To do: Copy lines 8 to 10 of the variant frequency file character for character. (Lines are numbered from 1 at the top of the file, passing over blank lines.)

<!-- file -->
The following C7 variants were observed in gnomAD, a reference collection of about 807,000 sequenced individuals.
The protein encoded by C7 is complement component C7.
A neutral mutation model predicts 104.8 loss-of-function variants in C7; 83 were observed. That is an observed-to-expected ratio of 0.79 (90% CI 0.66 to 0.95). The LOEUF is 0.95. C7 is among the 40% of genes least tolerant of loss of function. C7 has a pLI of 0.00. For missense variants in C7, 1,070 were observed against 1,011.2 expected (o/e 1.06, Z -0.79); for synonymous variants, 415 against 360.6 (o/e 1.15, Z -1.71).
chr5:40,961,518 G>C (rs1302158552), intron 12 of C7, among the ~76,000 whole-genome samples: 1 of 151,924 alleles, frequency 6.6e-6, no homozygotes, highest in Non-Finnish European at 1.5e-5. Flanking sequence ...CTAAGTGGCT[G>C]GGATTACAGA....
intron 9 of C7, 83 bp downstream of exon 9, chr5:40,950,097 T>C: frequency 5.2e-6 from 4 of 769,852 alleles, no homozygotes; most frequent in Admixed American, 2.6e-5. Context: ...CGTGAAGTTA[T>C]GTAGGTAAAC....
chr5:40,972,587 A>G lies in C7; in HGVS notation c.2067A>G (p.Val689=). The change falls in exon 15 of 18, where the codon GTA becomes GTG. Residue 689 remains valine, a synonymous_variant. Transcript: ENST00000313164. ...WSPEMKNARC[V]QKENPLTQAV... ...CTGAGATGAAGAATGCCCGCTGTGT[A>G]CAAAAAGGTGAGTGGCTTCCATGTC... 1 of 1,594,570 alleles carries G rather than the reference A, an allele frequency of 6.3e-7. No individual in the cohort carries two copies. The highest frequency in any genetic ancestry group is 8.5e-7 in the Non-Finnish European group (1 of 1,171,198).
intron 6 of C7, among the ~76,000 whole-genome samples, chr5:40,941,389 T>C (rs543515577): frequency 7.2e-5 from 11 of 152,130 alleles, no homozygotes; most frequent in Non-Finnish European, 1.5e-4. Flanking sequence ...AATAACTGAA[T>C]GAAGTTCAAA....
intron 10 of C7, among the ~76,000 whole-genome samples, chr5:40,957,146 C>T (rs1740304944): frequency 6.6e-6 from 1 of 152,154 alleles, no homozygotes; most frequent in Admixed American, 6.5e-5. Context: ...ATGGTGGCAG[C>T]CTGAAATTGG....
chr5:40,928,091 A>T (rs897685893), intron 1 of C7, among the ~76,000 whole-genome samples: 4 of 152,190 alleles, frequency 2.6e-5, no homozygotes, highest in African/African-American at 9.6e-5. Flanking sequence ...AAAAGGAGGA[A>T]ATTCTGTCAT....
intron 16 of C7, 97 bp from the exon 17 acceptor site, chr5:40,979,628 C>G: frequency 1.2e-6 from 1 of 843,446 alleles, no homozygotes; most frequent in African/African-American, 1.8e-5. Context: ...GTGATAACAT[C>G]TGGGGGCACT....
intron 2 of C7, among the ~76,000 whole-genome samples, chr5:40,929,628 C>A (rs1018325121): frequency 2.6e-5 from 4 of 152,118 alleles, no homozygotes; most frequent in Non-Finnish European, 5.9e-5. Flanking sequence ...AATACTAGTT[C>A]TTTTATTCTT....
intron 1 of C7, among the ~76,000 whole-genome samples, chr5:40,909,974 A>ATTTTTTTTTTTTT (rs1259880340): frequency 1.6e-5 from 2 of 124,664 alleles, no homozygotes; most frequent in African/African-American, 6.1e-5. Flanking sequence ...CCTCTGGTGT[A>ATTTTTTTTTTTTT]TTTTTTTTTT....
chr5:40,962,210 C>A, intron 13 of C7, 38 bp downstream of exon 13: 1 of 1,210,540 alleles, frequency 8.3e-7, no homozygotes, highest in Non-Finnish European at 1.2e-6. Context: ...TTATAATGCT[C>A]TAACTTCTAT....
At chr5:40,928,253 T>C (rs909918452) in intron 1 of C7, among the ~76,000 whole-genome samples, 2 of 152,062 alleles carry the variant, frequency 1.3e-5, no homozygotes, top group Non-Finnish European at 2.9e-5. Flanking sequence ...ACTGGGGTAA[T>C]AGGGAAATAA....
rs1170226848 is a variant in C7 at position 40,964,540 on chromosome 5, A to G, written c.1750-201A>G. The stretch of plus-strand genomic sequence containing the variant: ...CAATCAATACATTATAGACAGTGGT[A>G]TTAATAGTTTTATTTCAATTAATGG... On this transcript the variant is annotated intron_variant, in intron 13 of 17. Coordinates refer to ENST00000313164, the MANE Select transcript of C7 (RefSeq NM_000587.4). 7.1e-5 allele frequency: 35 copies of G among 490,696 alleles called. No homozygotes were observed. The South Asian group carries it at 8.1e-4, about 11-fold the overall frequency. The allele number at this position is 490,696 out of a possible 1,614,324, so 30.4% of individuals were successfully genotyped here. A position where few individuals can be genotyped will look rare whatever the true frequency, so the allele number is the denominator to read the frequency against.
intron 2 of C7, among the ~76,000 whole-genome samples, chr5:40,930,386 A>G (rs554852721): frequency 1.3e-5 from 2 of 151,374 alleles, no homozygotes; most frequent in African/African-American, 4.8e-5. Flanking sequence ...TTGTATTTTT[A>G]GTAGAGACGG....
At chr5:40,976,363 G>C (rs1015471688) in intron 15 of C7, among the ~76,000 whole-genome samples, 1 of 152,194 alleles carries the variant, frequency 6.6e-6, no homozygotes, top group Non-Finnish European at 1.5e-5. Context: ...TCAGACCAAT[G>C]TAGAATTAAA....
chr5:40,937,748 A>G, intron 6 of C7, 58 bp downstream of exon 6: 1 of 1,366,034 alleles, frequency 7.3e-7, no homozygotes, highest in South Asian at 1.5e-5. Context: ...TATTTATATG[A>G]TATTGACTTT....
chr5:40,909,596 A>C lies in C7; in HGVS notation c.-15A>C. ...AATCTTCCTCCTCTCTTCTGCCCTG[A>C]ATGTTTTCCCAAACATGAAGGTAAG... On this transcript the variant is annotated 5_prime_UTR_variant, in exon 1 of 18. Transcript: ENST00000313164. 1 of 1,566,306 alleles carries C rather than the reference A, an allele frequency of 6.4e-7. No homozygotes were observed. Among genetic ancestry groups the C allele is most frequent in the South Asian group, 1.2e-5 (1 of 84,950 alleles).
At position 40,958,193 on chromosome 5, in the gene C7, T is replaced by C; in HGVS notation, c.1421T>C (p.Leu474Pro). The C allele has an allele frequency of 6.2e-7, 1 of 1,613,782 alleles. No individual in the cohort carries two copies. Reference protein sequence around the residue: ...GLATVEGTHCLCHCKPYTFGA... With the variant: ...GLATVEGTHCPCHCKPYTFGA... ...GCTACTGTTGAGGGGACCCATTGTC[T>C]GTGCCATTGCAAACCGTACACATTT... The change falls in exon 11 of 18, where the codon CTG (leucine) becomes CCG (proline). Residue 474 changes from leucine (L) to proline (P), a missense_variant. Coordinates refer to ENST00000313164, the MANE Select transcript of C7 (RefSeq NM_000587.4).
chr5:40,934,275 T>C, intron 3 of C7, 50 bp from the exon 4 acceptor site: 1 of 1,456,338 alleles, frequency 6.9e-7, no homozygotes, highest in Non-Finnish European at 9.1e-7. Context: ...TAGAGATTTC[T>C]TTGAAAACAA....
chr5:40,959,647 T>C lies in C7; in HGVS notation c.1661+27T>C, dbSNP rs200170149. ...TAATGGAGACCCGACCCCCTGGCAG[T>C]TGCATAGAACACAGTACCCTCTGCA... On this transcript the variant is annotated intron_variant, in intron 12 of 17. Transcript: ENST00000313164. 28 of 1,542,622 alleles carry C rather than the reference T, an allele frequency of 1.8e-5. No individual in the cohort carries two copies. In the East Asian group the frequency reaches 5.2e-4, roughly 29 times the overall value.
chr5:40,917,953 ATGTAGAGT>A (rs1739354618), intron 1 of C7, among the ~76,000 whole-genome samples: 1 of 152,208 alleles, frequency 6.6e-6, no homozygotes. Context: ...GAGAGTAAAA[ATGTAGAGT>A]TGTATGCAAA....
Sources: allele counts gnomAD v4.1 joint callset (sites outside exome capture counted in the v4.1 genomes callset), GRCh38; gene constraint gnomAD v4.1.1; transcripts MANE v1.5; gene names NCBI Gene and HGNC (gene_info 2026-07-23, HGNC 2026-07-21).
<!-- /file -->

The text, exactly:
intron 10 of C7, among the ~76,000 whole-genome samples, chr5:40,957,146 C>T (rs1740304944): frequency 6.6e-6 from 1 of 152,154 alleles, no homozygotes; most frequent in Admixed American, 6.5e-5. Context: ...ATGGTGGCAG[C>T]CTGAAATTGG....
chr5:40,928,091 A>T (rs897685893), intron 1 of C7, among the ~76,000 whole-genome samples: 4 of 152,190 alleles, frequency 2.6e-5, no homozygotes, highest in African/African-American at 9.6e-5. Flanking sequence ...AAAAGGAGGA[A>T]ATTCTGTCAT....
intron 16 of C7, 97 bp from the exon 17 acceptor site, chr5:40,979,628 C>G: frequency 1.2e-6 from 1 of 843,446 alleles, no homozygotes; most frequent in African/African-American, 1.8e-5. Context: ...GTGATAACAT[C>G]TGGGGGCACT....